If you feel overwhelmed by your options and need help deciding where to go, take a look at the study abroad section of Go Overseas. Here you’ll find a quick overview of what it’s like to study abroad in a particular region, as well as reviews of programs from past participants. Once you have chosen a country, you can even read tips on narrowing down your program and read reviews.

Considering your application as early as possible is the best way to go. After all, the sooner you gain acceptance into a university, the sooner you can arrange your travels. To avoid disappointment, note down all the relevant application deadlines (set out by your chosen university) in HUGE LETTERS on your calendar.

Application deadlines will be different depending on the school, but for programs starting in the fall (September/October), applications will generally be open from early in the year (January/February) until the middle of the year (June/July).

Entry requirements vary widely between universities and between countries, so be sure to check the information provided by your prospective university before submitting anything.

Speaking generally, however, if you are applying for an undergraduate degree you will be asked to show that you have completed your secondary education to a standard that is in line with the required grades (e.g. your GPA, A-level grades or equivalent) for the program you’re applying to. If you have an international qualification and are unsure whether this is accepted, you should contact the admissions department of the university.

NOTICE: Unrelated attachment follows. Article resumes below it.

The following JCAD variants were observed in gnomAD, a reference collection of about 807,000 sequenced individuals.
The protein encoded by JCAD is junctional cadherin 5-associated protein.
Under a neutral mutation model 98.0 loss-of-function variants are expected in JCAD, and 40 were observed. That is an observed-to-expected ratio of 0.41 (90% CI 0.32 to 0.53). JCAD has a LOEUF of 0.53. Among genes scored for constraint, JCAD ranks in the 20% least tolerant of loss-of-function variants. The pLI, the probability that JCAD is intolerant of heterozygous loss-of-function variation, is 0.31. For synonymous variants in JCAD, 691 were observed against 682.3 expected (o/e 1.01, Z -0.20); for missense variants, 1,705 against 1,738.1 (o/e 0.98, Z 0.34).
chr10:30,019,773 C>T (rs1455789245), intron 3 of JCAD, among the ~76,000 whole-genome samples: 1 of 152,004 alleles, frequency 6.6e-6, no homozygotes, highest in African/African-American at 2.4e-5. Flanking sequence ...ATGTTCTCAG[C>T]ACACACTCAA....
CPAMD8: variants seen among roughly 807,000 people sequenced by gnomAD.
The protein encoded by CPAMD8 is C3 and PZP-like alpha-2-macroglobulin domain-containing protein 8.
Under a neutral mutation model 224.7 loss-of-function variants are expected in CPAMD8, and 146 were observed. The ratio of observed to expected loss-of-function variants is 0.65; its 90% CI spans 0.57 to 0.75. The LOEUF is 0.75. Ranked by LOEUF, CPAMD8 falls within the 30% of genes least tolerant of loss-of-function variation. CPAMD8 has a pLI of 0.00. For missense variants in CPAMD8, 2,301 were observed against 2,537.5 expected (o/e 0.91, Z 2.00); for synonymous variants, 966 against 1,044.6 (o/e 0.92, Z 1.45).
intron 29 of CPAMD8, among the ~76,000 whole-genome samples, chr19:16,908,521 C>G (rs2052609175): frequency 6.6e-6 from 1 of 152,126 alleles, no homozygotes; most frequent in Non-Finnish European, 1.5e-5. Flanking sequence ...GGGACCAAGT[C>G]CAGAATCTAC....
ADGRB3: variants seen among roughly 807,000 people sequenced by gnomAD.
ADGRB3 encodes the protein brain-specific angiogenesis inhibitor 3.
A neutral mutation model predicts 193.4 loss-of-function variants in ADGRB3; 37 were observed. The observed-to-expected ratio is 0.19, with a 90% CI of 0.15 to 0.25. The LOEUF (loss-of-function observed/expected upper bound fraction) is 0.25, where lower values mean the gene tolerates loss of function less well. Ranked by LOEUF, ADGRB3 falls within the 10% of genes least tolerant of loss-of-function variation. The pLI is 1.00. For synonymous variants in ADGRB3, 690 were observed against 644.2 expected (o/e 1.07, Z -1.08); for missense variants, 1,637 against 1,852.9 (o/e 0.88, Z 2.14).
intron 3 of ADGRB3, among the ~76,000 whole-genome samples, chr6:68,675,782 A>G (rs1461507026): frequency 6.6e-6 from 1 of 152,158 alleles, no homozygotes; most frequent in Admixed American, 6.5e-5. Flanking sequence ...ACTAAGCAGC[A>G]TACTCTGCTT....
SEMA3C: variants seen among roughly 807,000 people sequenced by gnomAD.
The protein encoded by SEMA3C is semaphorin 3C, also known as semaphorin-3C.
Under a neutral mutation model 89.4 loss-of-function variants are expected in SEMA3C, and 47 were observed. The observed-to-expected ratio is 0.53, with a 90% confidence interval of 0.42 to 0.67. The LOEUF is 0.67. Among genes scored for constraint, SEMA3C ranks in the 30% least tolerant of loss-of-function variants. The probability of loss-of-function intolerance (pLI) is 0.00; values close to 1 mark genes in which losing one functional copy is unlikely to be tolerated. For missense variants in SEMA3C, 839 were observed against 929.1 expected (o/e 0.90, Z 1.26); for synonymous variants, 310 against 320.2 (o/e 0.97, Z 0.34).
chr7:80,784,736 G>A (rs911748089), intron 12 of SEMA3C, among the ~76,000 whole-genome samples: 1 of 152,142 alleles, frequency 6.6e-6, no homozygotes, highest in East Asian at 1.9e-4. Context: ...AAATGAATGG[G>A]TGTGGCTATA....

For non-native English speakers wanting to study in English-speaking countries, it is also highly likely that you’ll need to provide proof of your English-language proficiency by taking an English-language test such as TOEFL or IELTS. Similar tests may be required for those studying in other languages. For more information about language tests, refer to question eight.

To work out the cost of studying abroad, you need to consider the average tuition fees for international students in your chosen country, as well as the cost of living.

As a point of reference, the average tuition fees for international students studying in the UK start at £10,000 (~US$14,200) a year, with an additional £12,180 (~US$17,300) per year needed to cover living costs (with more needed if you study in London).